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The Digital Evolution of Luxury Fashion Houses

Natalie Yiassoumi

As the digital evolution of heritage labels becomes more of a focus, we deep dive into exactly how they are reinvigorating their reach and customer base.

Heritage brands have had to reconsider both their design and communications strategies, to cater to the increasingly savvy 21st-century consumer.

The famed Italian fashion house, Salvatore Ferragamo, has been in the midst of a strategy shift following the appointment of Eraldo Poletto as its new CEO. A host of new designers have been recruited, including British footwear maverick Paul Andrew (who has been named Creative Director of Shoes) and Fulvio Rigoni, who will head the ready-to-wear division.

Following his appointment earlier this year, Poletto said that his focus would be to develop a ‘digital mindset’ within the company and work on ‘a strong push on content that will create excitement.’

One of the first projects he spearheaded included the re-launch of the brand’s website to introduce a more user-friendly e-commerce platform. Accompanying the new website are digital campaigns with influencers from across the world as well as targeted digital initiatives through WeChat in China, one of the brand’s fastest growing markets.

Ferragamo has particularly focused on promoting product categories beyond shoes through its social channels, in an effort to establish new classics and revitalize its current offer. Models of the moment such as Rosie Huntington-Whiteley, Kendall Jenner and Lily Aldridge are pictured with the brand’s new ‘Sofia’ top handle bag, as are international influencers, from Australian-native Nicole Warne to Seoul-based Lee Sung Keung.

Despite the efforts to become more digitally-minded and diversify the brand’s offer beyond its classic shoe styles, heritage remains at the heart of the Ferragamo, with iconic items such as its bow-embellished ballerina flats and printed silk scarves at the fore. It has also recently launched an Instagram initiative, where the brand narrates its history through a series of illustrations.

As major fashion labels seek digital reinvigoration, it seems that their past remains as important as the present. Modern shoppers continue to appreciate the ideas of history and craftsmanship; they are just looking to consume those ideas outside the confines of the brand’s stores, in a more interactive way through digital media.

Historic jewellery houses have also been looking to revamp their image and target the millennial consumer. Swiss fine jewelry house Piaget, for instance, has decided to jump on the e-commerce bandwagon, selling its ‘Possessions’ range online on Net-a-Porter for the first time, while enlisting Olivia Palermo to star in a digital campaign to promote the new launch.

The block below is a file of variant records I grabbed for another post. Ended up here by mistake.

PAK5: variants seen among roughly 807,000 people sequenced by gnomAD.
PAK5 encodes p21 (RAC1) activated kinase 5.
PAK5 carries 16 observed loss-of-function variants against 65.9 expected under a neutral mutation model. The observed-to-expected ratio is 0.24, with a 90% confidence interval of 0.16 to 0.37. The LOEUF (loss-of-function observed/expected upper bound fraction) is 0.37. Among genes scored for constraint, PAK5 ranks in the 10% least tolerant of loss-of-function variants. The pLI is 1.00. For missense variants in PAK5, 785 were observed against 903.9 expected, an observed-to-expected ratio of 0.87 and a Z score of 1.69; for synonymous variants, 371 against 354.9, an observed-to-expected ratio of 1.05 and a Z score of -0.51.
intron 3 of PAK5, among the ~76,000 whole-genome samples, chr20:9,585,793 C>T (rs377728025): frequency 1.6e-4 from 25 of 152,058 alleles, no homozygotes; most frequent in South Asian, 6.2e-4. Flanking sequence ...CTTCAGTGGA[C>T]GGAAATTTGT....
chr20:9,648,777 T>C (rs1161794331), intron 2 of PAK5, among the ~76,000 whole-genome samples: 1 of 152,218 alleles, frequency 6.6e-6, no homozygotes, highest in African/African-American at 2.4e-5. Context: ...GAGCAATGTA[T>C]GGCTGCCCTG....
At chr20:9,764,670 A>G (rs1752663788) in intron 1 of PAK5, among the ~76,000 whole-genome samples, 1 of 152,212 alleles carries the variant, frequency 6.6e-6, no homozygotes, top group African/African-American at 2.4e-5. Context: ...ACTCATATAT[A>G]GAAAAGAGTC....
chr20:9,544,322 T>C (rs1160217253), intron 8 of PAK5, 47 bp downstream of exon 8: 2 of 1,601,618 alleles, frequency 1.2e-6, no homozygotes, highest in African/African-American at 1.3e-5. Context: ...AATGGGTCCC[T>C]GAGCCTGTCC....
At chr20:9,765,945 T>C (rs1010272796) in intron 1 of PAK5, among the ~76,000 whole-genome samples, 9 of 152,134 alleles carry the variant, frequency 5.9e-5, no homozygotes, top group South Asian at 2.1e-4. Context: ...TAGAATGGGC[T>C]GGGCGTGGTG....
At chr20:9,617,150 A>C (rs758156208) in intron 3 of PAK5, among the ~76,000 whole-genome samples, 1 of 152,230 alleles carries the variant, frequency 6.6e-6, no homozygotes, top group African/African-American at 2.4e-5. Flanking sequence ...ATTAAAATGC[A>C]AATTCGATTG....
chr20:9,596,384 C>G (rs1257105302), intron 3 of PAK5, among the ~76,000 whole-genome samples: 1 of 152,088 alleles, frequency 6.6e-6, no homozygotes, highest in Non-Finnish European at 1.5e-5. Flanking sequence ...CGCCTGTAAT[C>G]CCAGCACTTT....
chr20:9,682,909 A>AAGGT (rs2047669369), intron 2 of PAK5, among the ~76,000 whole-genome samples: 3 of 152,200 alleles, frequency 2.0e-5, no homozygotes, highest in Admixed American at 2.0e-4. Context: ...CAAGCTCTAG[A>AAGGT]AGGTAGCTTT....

Similarly, Cartier made additions to its Amulette de Cartier collection of interchangeable talisman pendant necklaces, bracelets, rings and earrings with new pieces, made from guilloché gold, snakewood and malachite, to attract a younger buyer at an opening price point of under $2,000 at retail. It then went on to start selling the collection via WeChat to great success. Even though European heritage brands are wary of their reputations and tend to shy away from e-commerce, Cartier said that it wanted to expand its reach and cater to the mobile, digitally-native Chinese consumer.

I wish to be strong. #AmulettedeCartier #Unlockyourwish @amulette_onyx Love it? Tap link in profile to shop.

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Dior has been another historic label to embrace social channels such as WeChat, particularly as it seeks to renew its image under the creative direction of Maria Grazia Chiuri. The brand joined WeChat last summer with a flash sale of Lady Dior bags, which sold out within the same day of the launch, following a teaser campaign which urged users to keep checking the channel for a surprise.

Influencer campaigns are also central to Dior’s new strategy, and the house has been working with some of the most popular bloggers worldwide to promote both its ready-to-wear, accessories and beauty launches. For its latest Cruise show in Calabasas, Dior flew in – and dressed – key influencers including The Blonde Salad’s Chiara Ferragni, Song of Style’s Aimee Song and Negin Mirsalehi. Additionally, the brand went on to created short videos where each influencer shared their opinion of the show on Instagram Stories, in order to recreate the experience for the user.  A few weeks later, the brand also released a playful video starring Ferragni and brand ambassador Bella Hadid, to promote its new pump-and-volume mascara.

Embracing a uniform strategy across different categories, as seen at Dior, seems key as established fashion houses seek to reinvigorate their image and offering. It’s equally important to respect the label’s heritage and look to new, creative ways of narrating stories for the modern, digitally-savvy consumer.


Conveying a strong, powerful message is becoming increasingly important in the noisy and overcrowded luxury market. ‘Having something relevant to say is the first challenge for brands today. Otherwise direct to consumer digital communication becomes just another source of spam and pestering,’ says Luca Solca, head of luxury at BNP Exane Paribas. Digital ought not to dilute the brand’s message, but rather amplify it.

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